Intro to the Kikuichimonji- The Kikuichimonji Sword is a sword long sought out by Golden Sun gamers. It is a Japanese name meaning 'Chrysanthemum of the Ichimonji'. The Japanese used to name their swords after the man who forged them, so it must translate into this, not something else. Part 4: Fixing Golden Sun: Part 1 I'm going to try something out before my next update (which will probably be later tonight or early tomorrow). One of my favorite things about the Chzo thread was the discussion about how to improve the series, so I'm going to take on the challenge here and actually back up my statements that this shouldn't be difficult. Oct 24, 2019  Golden Sun Hacking Community is the home of the Golden Sun: The Lost Age Editor, it is a place for fans of Golden Sun who enjoy tinkering with the game's code whether it be just for fun, to tweak the game's design, or create their own original game from it's foundation. Apr 13, 2008 Using Djinn wisely is the key to survival in Golden Sun. Unless you're at an absurdly high level, you're going to have to rely on the Djinn to pull you through each battle. After a Djinni joins you, you can set it to a character. This means that this specific character can use the Djinni during a battle.

We’ve all seen those beautiful sunburst shots — a skier vaulting off of a cliff against a deep blue sky, a magical trail in the woods with the light poking through the trees or the sun rising over a mountain caught at just the right moment to create rays that look like they’re coming down from the heavens.

Sunrise sunburst at the Mohonk Gatehouse in New Paltz, NY. Shot at f/20.

Usually referred to as “sunburst” photography, pictures like this often show the sun looking like a perfect star, or peeking through a doorway or around a corner and diffracting, creating beautiful rays of light. There are a couple tricks that as photographers we can use to get this effect in photos.

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Use a small aperture

Using a small aperture might seem obvious, but until I started playing around with sunbursts and thinking about how light came through the lens, it didn’t hit me. You’re going to want to use an aperture smaller than f/11. The smaller the aperture you use, the longer and more defined the rays of the sunburst will be. However, if you do use a smaller aperture, there are tradeoffs in the quality of your photo due to diffraction. Those are decisions that you make while you’re shooting (i.e., will I sacrifice a bit of quality for a better sunburst?). Often times if I know I want to get a sunburst, I’ll stop all the way down to f/22 just to see what I get and then go back to f/18 or so.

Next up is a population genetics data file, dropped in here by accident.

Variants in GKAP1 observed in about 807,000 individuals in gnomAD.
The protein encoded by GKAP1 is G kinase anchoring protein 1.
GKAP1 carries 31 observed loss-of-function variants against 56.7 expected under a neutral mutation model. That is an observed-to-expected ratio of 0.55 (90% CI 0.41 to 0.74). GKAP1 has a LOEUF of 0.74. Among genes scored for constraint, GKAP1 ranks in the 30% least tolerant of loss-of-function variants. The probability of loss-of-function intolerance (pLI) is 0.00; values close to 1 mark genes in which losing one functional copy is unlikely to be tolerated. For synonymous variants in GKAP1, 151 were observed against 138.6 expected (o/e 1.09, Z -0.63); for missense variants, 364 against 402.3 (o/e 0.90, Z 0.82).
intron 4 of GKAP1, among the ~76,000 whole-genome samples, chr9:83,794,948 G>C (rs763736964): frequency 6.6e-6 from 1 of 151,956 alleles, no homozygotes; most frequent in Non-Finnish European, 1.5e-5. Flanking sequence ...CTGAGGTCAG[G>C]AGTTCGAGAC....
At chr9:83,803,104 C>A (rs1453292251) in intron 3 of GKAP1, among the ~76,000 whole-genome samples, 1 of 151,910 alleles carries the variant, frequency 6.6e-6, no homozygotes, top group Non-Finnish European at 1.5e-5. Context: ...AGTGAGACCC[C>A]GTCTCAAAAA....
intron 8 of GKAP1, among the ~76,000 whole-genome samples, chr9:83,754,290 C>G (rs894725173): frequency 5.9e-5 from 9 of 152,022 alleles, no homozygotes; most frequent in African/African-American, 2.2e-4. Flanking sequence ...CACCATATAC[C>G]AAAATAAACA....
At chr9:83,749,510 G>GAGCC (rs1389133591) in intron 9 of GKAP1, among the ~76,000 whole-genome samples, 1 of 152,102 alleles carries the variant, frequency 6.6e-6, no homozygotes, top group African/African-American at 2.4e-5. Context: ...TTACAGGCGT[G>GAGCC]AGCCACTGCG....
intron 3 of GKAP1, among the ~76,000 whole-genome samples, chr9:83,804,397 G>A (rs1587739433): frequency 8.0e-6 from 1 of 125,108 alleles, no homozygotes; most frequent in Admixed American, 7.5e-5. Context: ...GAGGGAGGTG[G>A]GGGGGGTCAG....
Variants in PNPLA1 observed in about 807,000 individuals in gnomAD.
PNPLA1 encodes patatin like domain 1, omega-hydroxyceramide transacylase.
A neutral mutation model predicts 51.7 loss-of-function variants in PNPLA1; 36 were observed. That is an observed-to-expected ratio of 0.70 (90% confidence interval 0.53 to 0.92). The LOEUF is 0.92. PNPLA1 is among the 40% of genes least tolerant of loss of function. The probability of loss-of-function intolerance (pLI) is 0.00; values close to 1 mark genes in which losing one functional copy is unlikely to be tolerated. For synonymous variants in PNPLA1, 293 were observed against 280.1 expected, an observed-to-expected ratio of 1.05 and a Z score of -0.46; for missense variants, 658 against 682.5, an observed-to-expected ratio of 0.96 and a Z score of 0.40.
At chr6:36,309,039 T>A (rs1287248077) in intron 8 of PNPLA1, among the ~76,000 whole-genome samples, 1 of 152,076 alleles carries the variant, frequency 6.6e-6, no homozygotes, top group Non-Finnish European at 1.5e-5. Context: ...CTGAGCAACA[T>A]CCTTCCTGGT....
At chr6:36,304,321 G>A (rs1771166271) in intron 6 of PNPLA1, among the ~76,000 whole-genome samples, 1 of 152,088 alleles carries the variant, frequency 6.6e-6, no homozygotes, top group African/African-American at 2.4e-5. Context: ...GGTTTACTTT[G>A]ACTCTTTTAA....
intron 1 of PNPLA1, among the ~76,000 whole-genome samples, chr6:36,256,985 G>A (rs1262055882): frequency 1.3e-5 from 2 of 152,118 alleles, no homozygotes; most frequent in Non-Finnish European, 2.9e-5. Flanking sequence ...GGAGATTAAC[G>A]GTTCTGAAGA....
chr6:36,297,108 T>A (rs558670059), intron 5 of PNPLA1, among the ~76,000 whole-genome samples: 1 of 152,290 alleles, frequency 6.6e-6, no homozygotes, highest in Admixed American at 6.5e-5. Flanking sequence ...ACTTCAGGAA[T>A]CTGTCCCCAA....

This series of photos shows the effect that stopping down to a smaller aperture has on the sun in the same exact scene. I shot these handheld, all within about 15 seconds.

You can see at f/11 that the sunburst is appearing, and at f/16 it looks even better. In this instance, I probably didn’t need to go up to f/22.

Use something to partially block the sun

You can shoot the sun directly, but I prefer (and honestly I think it makes it a lot easier) to use something — the top or side of a house, an archway opening, the bottom of a bridge, or trees in the forest to help with diffracting the light.

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Imagen snowleopard_10a432_userdvd.dmg (osx 10.6). Sunrise on the Hudson River. Shot at f/22.

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What I love about using these techniques to get sunbursts in your photos, is that it’s not just specific to landscape photography. If you’re shooting on the street, doing an engagement session, or shooting family portraits, you can stop your aperture down a bit, use something to partially block the sun and grab a really fun and interesting shot.

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Do you use any of these techniques in your shooting to get sunbursts in your photos? Let me know in the comments!